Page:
Since the Golden Age of Hollywood, organized crime has provided a bottomless well of inspiration for popular culture. Whether the medium is film, television, books or the stage, more often than not the ethnicity of the fictional mobsters we love to hate is Italian. There are legitimate historical reasons for this, of course, in the longstanding Sicilian tradition of the Cosa Nostra and its emigrant offspring crime syndicates; but still, the stereotype must be a source of chagrin for many honest Italian Americans. Isn’t it time to give this overused trope a bit of a rest? Shouldn’t we find some other ethnic group to smear once in a while?
Back in the 1970s, the satirical magazine National Lampoon had some fun with the humor potential of this concept, spoofing negative ethnic stereotyping by publishing a collection of samples of “anti-Dutch hate literature.” What made the stuff funny – in the Harvard Lampoon’s usual sophomoric, tastelessly weird way – was the very fact that most Americans’ worst mental association with the people of the Netherlands (other than the dastardly doings of their Boer descendants in apartheid-era South Africa) was an overzealous obsession with housecleaning. Making them into bogeymen elicited a kind of cognitive dissonance that can easily be nudged in the direction of giddy laughter.
You’d think that this sort of approach would be a goldmine for comedy, and it’s a bit surprising that more hasn’t been done with it as yet. In 2006 an actor named Paul Slade Smith, who had done his time in classic farces like Noises Off, decided to take a run at the idea, this time for the stage. What if a criminal enforcer’s most nefarious method of getting information out of his next victim were to play the bagpipes at them? What if your town were secretly being run by the Scottish Mafia?
Monty Python posited giant blancmanges from outer space turning people into Scotsmen so that they could beat them at Wimbledon, but that’s a little too outré for our local theater. A hitman in a kilt…now that’s playable. And the proof in this particular pudding is on hilarious display for one more weekend at the Shadowland Theatre in Ellenville, where you can catch Smith’s Unnecessary Farce beginning at 8 p.m. this Thursday through Saturday and at 2 p.m. on Sunday. It’s a relentlessly funny show requiring exquisite comic timing, and as usual at Shadowland with its policy of employing only members of Actors’ Equity onstage, the cast delivers in spades.
Shadowland has a long track record of offering this sort of door-slammer farce, such as last year’s excellent production of Boeing, Boeing; but the eight-door, two-bed set for Unnecessary Farce takes the breathless craziness up a notch. Our premise is that a pair of rookie cops, shy Eric (Blaine Smith) and inept-but-gung-ho Billie (Susan Slotoroff), have been assigned to stake out two adjoining hotel rooms in an attempt to videotape the town’s mayor (Ray Faiola) cooking the municipal books. Their accomplice in the sting operation is Mayor Meekly’s new accountant, Karen (Molly Densmore), under whose mousy, buttoned-up exterior lurks an explosive, too-long-repressed sexuality.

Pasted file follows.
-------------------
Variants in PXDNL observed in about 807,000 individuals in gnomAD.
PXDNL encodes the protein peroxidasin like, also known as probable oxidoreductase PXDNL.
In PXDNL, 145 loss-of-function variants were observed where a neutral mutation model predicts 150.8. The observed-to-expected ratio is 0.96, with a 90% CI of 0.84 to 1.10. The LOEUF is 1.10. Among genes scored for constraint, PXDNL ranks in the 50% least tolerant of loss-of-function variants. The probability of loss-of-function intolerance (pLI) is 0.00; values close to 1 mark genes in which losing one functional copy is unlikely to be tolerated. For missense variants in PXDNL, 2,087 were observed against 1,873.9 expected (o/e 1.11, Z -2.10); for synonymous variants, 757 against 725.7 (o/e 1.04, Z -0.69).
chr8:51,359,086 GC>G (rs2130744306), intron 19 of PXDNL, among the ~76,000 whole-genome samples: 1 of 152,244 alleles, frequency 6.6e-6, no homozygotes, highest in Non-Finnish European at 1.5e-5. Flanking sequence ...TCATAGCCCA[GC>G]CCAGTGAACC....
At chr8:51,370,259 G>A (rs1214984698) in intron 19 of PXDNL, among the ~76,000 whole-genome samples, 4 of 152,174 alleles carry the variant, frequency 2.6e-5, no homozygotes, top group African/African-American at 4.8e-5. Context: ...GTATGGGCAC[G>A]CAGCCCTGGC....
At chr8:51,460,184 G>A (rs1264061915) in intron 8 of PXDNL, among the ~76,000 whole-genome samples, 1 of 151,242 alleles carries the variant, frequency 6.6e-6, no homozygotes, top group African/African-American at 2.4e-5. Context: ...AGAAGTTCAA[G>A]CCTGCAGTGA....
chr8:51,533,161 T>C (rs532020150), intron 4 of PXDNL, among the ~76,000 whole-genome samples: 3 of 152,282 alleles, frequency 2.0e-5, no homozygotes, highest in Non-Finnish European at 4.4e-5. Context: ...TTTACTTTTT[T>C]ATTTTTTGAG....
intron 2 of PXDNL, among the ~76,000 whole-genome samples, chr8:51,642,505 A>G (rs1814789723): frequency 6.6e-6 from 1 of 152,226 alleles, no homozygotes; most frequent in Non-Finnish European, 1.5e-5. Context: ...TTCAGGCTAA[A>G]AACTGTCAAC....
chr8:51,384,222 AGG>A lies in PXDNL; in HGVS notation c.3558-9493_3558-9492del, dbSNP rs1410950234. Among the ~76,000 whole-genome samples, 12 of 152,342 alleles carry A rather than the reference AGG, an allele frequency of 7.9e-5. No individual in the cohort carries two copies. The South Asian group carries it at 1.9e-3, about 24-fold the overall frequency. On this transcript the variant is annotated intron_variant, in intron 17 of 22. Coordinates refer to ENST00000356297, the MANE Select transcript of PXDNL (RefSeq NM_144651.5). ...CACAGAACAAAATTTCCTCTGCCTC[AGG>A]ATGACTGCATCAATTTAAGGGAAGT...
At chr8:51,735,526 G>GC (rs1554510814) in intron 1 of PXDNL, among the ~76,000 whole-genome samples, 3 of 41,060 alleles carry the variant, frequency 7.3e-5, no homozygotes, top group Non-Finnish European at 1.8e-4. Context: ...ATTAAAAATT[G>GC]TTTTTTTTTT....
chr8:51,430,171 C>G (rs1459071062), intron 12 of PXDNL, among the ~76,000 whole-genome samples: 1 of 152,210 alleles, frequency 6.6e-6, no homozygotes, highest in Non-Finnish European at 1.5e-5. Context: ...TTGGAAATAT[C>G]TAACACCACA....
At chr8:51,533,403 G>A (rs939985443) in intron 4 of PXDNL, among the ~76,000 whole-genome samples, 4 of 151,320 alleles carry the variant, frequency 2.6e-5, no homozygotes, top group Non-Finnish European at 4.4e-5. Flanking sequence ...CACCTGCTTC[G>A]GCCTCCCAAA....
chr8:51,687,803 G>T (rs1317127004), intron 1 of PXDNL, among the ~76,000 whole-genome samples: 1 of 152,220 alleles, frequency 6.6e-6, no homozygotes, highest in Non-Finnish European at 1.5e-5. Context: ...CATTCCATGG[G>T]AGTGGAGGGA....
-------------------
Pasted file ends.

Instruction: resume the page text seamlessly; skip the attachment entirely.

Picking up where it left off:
The cops are relying on the success of this setup as a career springboard, but things naturally go awry almost immediately as a different sort of inappropriate behavior begins to get captured on videotape just as the wrong person walks in the wrong door. Misperceptions of what’s actually going on multiply and many articles of clothing get misplaced as the mayor’s officious security guard (Torsten Hillhouse) and his addled wife (Sandy York) separately come looking for him. And into the confused and confusing mix eventually stalks Todd (John-Patrick Driscoll), a gigantic, intimidating, hot-tempered Scotsman on a murderous mission from the mysterious local Mafia don known only as Big Mac.
Comedic constructions like Unnecessary Farce should never get made into movies; they are designed expressly to work most brilliantly within the confines of a stage set like this, ignited and accelerated by the string of arrivals and departures, sudden discoveries and near-misses. The two hotel beds add immeasurably to the manic pileup as various combinations of struggling antagonists or people trying to hide get mistaken for frolicking twosomes and threesomes. Then, just when you think that things couldn’t get any more absurd, some new plot twist gets thrown into the bubbling stew of laughs. It’s one of those rare comedies where you feel out of breath before the first act is over and utterly helpless by the end, like a ticklish child whose tormentor has no mercy whatsoever.
The entire cast – all highly experienced and talented performers – jumps into this verbally and physically demanding play with great skill, timing and enthusiasm. I’m reluctant to single out one performance above the others, as they’re all so good. But special props belong to Slotoroff and Driscoll for one over-the-top sequence in which Billie must translate an incomprehensible rant that the hitman, during an apoplectic, vein-popping, red-faced rage, spews at the highest of speeds in the thickest of Highland burrs. It’s a peak comedic moment.
So you’ve got no excuse to sit home and mope this summer. Between the Hudson Valley Shakespeare Festival’s production of The Liar and Shadowland’s production of Unnecessary Farce, you have two of the funniest plays seen in these parts in years to choose from. Go out and have a laugh.
Tickets for all Shadowland Theatre productions cost $39 for evening performances, $34 for matinées. For more information or to reserve tickets, call the box office at (845) 647-5511 or visit www.shadowlandtheatre.org.
Unnecessary Farce, Thursday-Saturday, July 31-August 2, 8 p.m., $39, Sunday, August 3, 2 p.m., $34, Shadowland Theatre, 157 Canal Street, Ellenville; (845) 647-5511, www.shadowlandtheatre.org.